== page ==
On 14 November 2013, the CJEU gave a reasoned order in AstraZeneca AB v Comptroller General of Patents, Designs and Trade Marks, following a reference from the High Court of England & Wales (C-617/12)

AstraZeneca is the proprietor of a European patent covering the active ingredient gefitinib, due to expire on 22 April 2016.

In July 2002, AstraZeneca submitted an application to the Swiss Institute for Medicinal Products (Swissmedic) for a marketing authorisation (MA) to place the medicinal product Iressa (gefitinib) on the market in Switzerland (the "Swiss MA"). The Swiss MA was granted on 2 March 2004, conditional upon the provision of further clinical data to demonstrate the effects of Iressa. By virtue of the customs union between the Swiss Confederation and the Principality of Liechtenstein, relating, inter alia, to patents, the Swiss Authorisation was automatically recognised in Liechtenstein. The Swiss MA was later suspended 24 October 2005.

In January 2003, AstraZeneca also submitted an application for an MA for Iressa to the EMA, however the Committee for Proprietary Medicinal Products (now the Committee for Medicinal Products for Human Use (CHMP) refused to grant the MA on the basis of the Phase II studies provided by AstraZeneca.  In May 2008, AstraZeneca resubmitted its application to the EMA with a refined therapeutic indication, supported by further studies undertaken to address the CHMP’s concerns with the original application. On the basis of this data, the EMA granted an MA for Iressa on 24 June 2009 (the "European MA") pursuant to Regulation No 726/2004.

On 11 December 2009, AstraZeneca submitted an SPC application to the UK Patent Office for the active ingredient gefitinib, on the basis of its European patent and the European MA. The Patent Office granted that application by decision of 2 April 2012, calculating the duration of the SPC on the basis that the Swiss MA was to be regarded as the first MA for the purposes of Article 13(1) of Regulation No 469/2009 (the "SPC Regulation")[1]. The SPC was accordingly granted for just under 3 years.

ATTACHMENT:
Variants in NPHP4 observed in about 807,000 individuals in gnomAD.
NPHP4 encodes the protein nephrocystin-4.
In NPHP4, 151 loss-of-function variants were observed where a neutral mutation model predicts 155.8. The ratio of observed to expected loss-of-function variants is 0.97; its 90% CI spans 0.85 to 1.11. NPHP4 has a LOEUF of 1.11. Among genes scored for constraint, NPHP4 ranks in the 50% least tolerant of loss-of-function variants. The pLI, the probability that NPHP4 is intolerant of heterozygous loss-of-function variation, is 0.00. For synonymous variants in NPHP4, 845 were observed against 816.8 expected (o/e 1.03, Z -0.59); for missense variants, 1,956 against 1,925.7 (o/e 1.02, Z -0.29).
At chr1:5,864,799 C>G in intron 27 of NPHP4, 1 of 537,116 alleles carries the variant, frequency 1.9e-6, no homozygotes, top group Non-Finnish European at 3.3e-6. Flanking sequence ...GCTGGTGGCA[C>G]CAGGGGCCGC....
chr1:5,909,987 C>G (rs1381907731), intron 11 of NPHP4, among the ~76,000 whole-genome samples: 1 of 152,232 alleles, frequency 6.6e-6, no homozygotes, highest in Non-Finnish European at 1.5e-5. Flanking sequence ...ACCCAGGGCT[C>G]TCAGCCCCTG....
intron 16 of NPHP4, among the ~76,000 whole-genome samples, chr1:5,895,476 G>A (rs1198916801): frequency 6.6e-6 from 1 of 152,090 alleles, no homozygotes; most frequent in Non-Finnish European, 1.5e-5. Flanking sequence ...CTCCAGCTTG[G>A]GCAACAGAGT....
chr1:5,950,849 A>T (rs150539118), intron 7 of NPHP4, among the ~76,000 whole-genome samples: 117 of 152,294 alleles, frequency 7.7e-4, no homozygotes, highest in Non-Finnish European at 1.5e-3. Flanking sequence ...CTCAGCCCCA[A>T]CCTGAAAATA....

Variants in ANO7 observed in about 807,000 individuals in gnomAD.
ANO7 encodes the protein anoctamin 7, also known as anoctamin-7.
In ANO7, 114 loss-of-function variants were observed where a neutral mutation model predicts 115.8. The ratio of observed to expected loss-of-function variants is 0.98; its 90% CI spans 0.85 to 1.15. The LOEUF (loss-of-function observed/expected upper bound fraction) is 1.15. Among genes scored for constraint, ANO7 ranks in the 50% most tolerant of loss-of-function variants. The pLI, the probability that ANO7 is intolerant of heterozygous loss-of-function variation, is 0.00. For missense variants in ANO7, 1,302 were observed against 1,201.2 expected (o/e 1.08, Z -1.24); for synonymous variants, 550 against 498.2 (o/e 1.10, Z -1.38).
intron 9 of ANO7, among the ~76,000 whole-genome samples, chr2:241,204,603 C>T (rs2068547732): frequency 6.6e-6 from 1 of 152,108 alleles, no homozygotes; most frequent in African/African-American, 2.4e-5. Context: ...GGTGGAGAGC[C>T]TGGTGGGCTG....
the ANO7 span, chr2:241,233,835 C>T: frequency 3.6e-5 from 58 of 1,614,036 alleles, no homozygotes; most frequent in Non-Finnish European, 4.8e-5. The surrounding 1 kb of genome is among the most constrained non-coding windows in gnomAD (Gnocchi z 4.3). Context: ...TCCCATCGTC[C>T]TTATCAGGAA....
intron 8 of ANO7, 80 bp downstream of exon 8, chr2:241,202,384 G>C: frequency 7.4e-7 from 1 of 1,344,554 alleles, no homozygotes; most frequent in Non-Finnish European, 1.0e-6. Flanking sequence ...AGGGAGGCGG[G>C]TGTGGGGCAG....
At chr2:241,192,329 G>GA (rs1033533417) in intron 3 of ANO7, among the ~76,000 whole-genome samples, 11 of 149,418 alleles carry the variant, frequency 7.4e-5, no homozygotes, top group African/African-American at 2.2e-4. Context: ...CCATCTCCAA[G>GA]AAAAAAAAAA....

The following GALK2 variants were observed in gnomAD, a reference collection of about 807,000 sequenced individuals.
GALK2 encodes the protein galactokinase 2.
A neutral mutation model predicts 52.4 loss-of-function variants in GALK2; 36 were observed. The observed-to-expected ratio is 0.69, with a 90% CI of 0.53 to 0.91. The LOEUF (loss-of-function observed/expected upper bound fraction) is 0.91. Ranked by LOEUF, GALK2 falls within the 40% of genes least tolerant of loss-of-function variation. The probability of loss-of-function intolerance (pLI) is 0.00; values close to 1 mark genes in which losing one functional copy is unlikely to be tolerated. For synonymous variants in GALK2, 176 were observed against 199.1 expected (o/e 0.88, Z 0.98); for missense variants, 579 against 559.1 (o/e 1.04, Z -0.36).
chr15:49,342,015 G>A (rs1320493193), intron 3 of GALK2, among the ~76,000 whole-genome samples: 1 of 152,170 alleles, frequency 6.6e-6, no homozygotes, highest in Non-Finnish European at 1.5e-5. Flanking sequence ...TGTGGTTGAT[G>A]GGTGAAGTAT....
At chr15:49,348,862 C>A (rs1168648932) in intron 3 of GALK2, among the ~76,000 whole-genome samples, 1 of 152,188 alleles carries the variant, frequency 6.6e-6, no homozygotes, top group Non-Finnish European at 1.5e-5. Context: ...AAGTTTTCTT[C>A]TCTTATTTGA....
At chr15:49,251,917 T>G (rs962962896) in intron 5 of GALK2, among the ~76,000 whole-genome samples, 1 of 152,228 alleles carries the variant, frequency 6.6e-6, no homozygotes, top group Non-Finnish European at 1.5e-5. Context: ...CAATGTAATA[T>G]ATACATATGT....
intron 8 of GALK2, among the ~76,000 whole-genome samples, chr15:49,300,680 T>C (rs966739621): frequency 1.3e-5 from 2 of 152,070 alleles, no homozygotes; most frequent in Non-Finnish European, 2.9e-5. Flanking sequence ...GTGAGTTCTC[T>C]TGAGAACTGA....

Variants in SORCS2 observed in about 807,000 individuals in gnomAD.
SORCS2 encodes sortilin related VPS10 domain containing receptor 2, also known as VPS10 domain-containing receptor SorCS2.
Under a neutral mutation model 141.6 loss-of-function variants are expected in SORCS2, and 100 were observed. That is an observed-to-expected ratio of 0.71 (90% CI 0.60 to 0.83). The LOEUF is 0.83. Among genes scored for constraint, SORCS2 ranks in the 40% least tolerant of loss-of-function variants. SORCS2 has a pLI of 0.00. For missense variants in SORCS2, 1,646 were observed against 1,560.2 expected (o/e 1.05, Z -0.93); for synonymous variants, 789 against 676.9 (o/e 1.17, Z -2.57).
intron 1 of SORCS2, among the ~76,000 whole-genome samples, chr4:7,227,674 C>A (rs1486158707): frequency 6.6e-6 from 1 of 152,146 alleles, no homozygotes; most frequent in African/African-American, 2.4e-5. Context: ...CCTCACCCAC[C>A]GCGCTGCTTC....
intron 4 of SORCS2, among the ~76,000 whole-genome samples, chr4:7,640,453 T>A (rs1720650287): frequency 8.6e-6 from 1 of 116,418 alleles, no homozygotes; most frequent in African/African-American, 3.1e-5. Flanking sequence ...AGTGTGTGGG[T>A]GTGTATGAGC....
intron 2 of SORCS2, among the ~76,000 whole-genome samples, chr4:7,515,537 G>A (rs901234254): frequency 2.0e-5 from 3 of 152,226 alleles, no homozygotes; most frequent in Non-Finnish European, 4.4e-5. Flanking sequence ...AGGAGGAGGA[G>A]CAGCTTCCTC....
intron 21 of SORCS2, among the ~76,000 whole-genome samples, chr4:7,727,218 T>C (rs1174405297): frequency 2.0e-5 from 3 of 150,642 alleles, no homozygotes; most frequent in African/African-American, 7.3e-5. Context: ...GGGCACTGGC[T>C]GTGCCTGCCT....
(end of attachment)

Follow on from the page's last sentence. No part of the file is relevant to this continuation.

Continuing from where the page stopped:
AstraZeneca challenged the Patent Office’s decision before the High Court of England & Wales, arguing that the duration of the SPC should have been calculated on the basis that the European MA, and not the Swiss MA, was the first MA in the Community. Accordingly, the SPC should have been granted for the maximum term of 5 years.

The High Court referred the following questions to the CJEU:

  1. Is a Swiss marketing authorisation not granted pursuant to the administrative authorisation procedure laid down in Directive 2001/83, but automatically recognised by the Principality of Liechtenstein, capable of constituting the “first authorisation to place the product on the market” for the purposes of Article 13(1) of Regulation No 469/2009?
  2. Does it make a difference to the answer to the first question if:
    1. the set of clinical data upon which the Swiss authority granted the marketing authorisation was considered by the [EMA] as not satisfying the conditions for the grant of a [MA] pursuant to Regulation No 726/2004; and/or
    2. the Swiss marketing authorisation was suspended after grant and was reinstated only following the submission of additional data?